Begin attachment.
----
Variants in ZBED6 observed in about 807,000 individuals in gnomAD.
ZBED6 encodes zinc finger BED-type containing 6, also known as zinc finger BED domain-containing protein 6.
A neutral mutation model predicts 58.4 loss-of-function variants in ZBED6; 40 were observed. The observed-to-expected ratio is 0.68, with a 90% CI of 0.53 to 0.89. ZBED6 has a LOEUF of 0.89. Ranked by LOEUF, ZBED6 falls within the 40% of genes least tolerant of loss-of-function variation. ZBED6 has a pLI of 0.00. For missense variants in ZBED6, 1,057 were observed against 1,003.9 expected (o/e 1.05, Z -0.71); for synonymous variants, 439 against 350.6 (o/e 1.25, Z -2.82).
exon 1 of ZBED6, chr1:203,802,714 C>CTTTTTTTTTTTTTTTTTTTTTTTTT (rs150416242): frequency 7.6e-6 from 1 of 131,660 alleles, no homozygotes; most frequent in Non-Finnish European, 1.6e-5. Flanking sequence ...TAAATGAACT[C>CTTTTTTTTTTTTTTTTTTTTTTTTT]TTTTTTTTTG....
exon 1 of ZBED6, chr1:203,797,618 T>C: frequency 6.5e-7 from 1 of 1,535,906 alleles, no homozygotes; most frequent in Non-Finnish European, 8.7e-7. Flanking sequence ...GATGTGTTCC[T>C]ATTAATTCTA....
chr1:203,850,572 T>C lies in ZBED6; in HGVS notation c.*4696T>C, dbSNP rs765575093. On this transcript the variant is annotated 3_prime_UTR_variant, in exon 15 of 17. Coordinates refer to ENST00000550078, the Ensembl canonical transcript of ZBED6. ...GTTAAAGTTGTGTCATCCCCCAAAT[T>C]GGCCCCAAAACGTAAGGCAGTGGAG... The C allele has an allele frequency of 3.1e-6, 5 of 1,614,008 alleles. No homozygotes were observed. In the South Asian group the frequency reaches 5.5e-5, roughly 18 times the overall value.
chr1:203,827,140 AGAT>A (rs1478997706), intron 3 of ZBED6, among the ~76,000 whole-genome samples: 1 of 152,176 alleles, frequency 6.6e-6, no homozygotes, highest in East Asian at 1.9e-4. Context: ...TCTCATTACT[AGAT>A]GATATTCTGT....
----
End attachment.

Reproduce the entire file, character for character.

Variants in ZBED6 observed in about 807,000 individuals in gnomAD.
ZBED6 encodes zinc finger BED-type containing 6, also known as zinc finger BED domain-containing protein 6.
A neutral mutation model predicts 58.4 loss-of-function variants in ZBED6; 40 were observed. The observed-to-expected ratio is 0.68, with a 90% CI of 0.53 to 0.89. ZBED6 has a LOEUF of 0.89. Ranked by LOEUF, ZBED6 falls within the 40% of genes least tolerant of loss-of-function variation. ZBED6 has a pLI of 0.00. For missense variants in ZBED6, 1,057 were observed against 1,003.9 expected (o/e 1.05, Z -0.71); for synonymous variants, 439 against 350.6 (o/e 1.25, Z -2.82).
exon 1 of ZBED6, chr1:203,802,714 C>CTTTTTTTTTTTTTTTTTTTTTTTTT (rs150416242): frequency 7.6e-6 from 1 of 131,660 alleles, no homozygotes; most frequent in Non-Finnish European, 1.6e-5. Flanking sequence ...TAAATGAACT[C>CTTTTTTTTTTTTTTTTTTTTTTTTT]TTTTTTTTTG....
exon 1 of ZBED6, chr1:203,797,618 T>C: frequency 6.5e-7 from 1 of 1,535,906 alleles, no homozygotes; most frequent in Non-Finnish European, 8.7e-7. Flanking sequence ...GATGTGTTCC[T>C]ATTAATTCTA....
chr1:203,850,572 T>C lies in ZBED6; in HGVS notation c.*4696T>C, dbSNP rs765575093. On this transcript the variant is annotated 3_prime_UTR_variant, in exon 15 of 17. Coordinates refer to ENST00000550078, the Ensembl canonical transcript of ZBED6. ...GTTAAAGTTGTGTCATCCCCCAAAT[T>C]GGCCCCAAAACGTAAGGCAGTGGAG... The C allele has an allele frequency of 3.1e-6, 5 of 1,614,008 alleles. No homozygotes were observed. In the South Asian group the frequency reaches 5.5e-5, roughly 18 times the overall value.
chr1:203,827,140 AGAT>A (rs1478997706), intron 3 of ZBED6, among the ~76,000 whole-genome samples: 1 of 152,176 alleles, frequency 6.6e-6, no homozygotes, highest in East Asian at 1.9e-4. Context: ...TCTCATTACT[AGAT>A]GATATTCTGT....